UK - Gaping pension fund deficits at 10 leading firms will deter potential buyers, Lane Clark & Peacock warns.
Its annual survey of the FTSE100 warns that while the aggregate deficit has fallen from £55bn to £42bn, the shortfalls at top companies still pose corporate risk.
LCP said that 10 firms – BAE Systems, British Airways, BT, Cable & Wireless, GKN, ICI, Rolls-Royce Group, Royal & SunAlliance, J Sainsbury and Whitbread – have deficits equivalent to 25% or more of their entire stock market value.
LCP warned that such large deficits may act as deterrents to potential purchasers and make the firms “immune from acquisition”.
The report said: “This is in marked contrast to the 1980s when some companies became targets purely for their surpluses within their pension schemes.”
LCP said the experience of WHSmith, which saw private equity group Permira scrap plans to buy the bookseller and stationer because of a £250m deficit, was indicative of pension issues increasingly influencing corporate activity.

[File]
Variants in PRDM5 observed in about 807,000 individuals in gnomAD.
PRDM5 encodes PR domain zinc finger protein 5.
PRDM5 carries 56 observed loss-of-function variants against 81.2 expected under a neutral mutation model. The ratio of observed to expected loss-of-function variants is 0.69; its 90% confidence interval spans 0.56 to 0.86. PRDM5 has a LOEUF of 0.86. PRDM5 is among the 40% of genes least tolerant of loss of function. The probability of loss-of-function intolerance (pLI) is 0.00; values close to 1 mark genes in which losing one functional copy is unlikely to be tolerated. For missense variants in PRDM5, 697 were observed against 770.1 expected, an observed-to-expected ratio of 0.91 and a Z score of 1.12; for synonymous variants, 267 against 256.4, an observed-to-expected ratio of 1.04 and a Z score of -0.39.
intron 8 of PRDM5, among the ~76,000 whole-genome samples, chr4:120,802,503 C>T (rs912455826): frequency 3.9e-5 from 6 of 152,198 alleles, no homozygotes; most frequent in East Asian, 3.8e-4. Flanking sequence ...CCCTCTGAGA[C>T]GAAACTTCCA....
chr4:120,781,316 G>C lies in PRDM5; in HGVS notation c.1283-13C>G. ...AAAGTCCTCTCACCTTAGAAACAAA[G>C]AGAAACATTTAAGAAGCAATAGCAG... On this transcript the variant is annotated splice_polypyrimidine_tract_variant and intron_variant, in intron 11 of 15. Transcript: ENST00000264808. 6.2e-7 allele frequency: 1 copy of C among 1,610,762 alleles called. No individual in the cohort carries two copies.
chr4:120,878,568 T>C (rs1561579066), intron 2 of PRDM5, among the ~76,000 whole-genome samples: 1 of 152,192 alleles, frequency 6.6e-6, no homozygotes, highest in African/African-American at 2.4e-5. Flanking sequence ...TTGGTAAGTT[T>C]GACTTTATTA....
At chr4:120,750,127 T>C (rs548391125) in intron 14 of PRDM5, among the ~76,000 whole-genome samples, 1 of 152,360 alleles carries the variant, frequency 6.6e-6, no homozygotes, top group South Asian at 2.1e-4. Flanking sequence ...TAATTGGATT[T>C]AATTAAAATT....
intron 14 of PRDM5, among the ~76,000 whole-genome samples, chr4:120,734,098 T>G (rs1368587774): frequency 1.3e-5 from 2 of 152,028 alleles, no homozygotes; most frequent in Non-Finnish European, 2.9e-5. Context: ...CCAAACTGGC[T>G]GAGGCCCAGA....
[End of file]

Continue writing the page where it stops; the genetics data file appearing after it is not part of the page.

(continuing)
The report found that FTSE100 companies had, on average, doubled the contribution to their defined benefit scheme compared to the previous year.
But there was a “wide variation” between company contributions. Rentokil Initial made no contributions in 2003 – despite an FRS17 deficit of more than 20% at the beginning of the period – whereas others “significantly increased” payments.
Most respondents in this week's Pensions Buzz do not think businesses should be able suspend AE contributions if in financial distress.
Former BHS owner Dominic Chappell has lost the appeal against his section 72 conviction and sentence for failing to hand over information to The Pensions Regulator (TPR).
This week's top stories include Marsh and McLennan Companies agreeing to buy JLT, and the home secretary calling for AE to be scrapped in a no-deal Brexit scenario.
Lesley Titcomb says the watchdog wants closer interactions with pension funds to spot problems sooner and act before having to use its more stringent powers